A general rule to start with is that you cannot ever make a promise which is unconditional, especially if it is dependent upon the promises of others (grants, investments, lots of new business revenues, a technological breakthrough and the like). Make fewer promises of good and plenty, and more commitments to fixing problems at their source to ensure safety, stability and success.
Aside: Not to ridicule anyone at the federal government level, but you can’t make inferences to “getting out of debt by increasing borrowing,’ or balancing the budget and helping businesses by increasing taxes on the poorer and middle classes and reducing services to them as well!
Never make a commitment that you do not intend to keep, and that you do not have a plan (a method) to keep. Exaggerate costs and the length of estimated completion or delivery time frames – it makes it easier to be a hero.
In terms of examining, monitoring, course-correcting and maintaining or improving the enterprise (whether it is government or non-government, For-Profit or Not-For-Profit), the protocols are universal.
Of course, in the case of all-too-many governmental subdivisions and entities, there is tremendous complexity, inadequate supervision, and labyrinthine accounting, authorization and record keeping. There’s too much capital, and too many persons with access to it, without proper oversight. A large number of seemingly trivial expenses and expenditures can eventually accumulate into a cavernous loss. This waste (being kind with my choice of terminology) is taxpayer money — in private enterprise, the shareholders would be taking the company’s management to court for this type of abuse. They would be speaking of breach of trust, breach of fiduciary duty, diversion of funds, fraud and possibly embezzlement.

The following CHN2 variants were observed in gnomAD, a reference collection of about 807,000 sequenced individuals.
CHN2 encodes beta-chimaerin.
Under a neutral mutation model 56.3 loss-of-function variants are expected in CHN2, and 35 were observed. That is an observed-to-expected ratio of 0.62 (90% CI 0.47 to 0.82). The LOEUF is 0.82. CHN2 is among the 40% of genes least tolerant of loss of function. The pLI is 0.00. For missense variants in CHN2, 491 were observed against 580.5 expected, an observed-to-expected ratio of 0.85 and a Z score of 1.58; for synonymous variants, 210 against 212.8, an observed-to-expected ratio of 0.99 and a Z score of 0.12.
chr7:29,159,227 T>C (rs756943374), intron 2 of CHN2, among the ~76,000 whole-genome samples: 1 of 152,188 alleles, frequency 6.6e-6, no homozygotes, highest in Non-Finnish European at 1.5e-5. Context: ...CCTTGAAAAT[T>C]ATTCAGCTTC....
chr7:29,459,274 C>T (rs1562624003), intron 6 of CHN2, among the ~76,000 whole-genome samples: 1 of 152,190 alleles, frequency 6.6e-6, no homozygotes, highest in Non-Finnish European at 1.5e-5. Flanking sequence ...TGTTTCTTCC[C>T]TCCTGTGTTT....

I believe that Detroit is the first host organism to fall victim to an epidemic , and that municipal bankruptcies will be hooping up like crocuses in early springtime. And we’ll get closer to the truth about the extent of the federal deficit and the value of the U.S. dollar, fresh off of the press. That’s a scenario for The Global Futurist Blog to paint.